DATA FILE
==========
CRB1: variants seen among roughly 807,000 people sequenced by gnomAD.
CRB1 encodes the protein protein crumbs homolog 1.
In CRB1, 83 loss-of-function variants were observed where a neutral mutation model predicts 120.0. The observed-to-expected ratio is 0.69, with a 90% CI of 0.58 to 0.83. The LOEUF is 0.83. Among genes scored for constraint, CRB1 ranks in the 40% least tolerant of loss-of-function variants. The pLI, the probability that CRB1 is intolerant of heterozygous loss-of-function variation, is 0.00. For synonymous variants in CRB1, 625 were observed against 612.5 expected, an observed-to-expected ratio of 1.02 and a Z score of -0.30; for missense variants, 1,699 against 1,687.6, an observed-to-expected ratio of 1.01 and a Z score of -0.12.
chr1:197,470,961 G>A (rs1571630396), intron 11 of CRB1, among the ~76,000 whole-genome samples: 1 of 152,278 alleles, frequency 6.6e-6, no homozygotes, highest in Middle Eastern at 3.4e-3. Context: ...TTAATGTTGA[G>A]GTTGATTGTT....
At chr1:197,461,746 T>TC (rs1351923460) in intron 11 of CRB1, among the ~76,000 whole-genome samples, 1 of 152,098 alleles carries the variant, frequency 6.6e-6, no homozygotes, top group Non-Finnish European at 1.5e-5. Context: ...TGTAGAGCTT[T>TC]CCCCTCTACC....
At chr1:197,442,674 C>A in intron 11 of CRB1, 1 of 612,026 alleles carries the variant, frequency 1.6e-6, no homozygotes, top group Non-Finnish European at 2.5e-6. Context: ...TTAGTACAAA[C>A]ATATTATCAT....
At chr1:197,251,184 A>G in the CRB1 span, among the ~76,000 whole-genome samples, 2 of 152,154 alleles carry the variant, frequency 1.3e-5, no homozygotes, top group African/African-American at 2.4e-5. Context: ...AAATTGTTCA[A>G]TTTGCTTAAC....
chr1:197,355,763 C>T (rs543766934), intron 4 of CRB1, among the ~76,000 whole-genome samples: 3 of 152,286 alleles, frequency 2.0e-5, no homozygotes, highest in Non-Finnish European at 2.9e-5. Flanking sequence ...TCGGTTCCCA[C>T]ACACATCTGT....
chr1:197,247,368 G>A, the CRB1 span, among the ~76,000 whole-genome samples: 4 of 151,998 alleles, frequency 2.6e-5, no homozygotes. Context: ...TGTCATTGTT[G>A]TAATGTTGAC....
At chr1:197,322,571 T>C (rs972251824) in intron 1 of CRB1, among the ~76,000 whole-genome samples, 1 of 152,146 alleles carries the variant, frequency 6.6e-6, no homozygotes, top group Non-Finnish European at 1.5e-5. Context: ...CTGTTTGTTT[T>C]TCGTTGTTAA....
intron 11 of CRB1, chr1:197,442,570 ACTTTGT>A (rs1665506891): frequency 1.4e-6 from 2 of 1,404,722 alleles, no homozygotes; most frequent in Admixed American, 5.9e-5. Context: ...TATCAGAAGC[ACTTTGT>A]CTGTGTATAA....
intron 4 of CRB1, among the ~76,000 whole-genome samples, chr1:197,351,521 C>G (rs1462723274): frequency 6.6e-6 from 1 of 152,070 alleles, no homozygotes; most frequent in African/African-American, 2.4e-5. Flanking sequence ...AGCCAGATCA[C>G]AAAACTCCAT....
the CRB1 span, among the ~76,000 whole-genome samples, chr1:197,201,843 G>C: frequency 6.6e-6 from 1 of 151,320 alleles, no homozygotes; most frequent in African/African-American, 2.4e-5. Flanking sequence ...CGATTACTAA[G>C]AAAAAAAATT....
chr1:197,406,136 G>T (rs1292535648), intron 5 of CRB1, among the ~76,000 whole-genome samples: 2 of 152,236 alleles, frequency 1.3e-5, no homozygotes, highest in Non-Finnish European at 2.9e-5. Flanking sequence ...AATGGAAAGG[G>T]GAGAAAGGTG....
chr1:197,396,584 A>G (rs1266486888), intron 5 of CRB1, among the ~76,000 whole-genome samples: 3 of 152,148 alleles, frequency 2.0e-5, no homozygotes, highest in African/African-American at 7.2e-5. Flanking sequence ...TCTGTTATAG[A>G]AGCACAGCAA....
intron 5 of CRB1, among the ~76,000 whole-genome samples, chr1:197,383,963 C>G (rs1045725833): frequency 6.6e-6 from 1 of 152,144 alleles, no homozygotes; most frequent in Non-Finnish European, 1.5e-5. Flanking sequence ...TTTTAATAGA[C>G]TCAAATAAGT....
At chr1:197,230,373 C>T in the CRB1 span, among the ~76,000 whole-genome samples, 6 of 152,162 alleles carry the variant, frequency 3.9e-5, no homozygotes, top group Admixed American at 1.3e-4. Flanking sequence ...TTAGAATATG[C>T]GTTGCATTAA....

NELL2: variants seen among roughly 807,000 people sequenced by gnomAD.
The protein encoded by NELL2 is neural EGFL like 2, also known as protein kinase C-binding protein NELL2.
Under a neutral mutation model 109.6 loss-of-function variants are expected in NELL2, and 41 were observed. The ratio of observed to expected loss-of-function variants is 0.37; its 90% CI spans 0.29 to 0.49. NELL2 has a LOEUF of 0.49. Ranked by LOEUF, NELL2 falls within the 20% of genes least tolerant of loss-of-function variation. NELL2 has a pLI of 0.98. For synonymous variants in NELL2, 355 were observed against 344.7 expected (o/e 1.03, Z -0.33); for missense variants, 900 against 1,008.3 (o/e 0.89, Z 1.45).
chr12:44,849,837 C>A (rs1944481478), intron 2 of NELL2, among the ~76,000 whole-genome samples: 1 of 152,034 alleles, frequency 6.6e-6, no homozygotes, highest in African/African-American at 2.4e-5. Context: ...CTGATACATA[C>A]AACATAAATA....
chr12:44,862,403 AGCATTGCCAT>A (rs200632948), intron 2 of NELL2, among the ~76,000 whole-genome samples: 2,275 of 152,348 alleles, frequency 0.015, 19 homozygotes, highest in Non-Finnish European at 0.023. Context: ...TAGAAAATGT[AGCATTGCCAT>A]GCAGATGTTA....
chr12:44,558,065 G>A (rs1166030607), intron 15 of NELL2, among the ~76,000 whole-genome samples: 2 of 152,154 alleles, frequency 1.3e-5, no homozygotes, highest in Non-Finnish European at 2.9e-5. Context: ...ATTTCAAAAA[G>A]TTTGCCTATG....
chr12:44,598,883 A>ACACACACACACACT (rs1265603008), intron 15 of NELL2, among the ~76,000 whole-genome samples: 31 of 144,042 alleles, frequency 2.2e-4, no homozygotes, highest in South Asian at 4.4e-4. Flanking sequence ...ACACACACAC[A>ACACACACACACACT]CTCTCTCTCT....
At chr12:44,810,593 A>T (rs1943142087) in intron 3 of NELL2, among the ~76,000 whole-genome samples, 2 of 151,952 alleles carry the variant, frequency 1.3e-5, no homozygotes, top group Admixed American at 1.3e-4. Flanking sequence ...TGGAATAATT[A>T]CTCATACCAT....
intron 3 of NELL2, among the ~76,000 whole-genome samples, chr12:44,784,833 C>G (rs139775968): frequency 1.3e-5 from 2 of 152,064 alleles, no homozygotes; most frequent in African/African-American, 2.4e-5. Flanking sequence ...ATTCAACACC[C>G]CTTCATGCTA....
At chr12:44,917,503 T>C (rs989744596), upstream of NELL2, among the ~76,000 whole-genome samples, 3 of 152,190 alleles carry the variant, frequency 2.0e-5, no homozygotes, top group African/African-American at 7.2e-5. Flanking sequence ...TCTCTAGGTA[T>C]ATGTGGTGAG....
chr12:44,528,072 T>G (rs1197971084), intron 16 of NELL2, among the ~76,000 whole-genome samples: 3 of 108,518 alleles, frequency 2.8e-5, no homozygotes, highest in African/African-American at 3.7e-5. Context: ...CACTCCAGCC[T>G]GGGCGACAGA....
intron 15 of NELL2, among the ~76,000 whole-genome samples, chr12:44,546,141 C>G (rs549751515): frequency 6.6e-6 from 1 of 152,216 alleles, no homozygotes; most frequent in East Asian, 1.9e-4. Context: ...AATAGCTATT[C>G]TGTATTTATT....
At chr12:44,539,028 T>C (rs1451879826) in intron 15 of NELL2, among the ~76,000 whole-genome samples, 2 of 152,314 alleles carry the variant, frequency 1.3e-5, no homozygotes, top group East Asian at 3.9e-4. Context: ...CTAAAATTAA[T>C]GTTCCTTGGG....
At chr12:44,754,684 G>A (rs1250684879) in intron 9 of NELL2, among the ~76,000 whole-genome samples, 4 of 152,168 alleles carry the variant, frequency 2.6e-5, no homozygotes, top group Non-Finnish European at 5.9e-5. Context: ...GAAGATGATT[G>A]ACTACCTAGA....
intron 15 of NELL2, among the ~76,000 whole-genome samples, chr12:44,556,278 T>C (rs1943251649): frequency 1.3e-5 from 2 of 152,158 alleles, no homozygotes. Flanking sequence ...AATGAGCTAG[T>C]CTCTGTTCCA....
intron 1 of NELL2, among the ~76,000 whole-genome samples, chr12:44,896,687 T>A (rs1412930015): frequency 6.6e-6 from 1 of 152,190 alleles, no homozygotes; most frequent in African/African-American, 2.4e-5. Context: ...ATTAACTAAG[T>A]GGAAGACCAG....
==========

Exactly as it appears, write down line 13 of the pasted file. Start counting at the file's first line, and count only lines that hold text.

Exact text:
the CRB1 span, among the ~76,000 whole-genome samples, chr1:197,201,843 G>C: frequency 6.6e-6 from 1 of 151,320 alleles, no homozygotes; most frequent in African/African-American, 2.4e-5. Flanking sequence ...CGATTACTAA[G>C]AAAAAAAATT....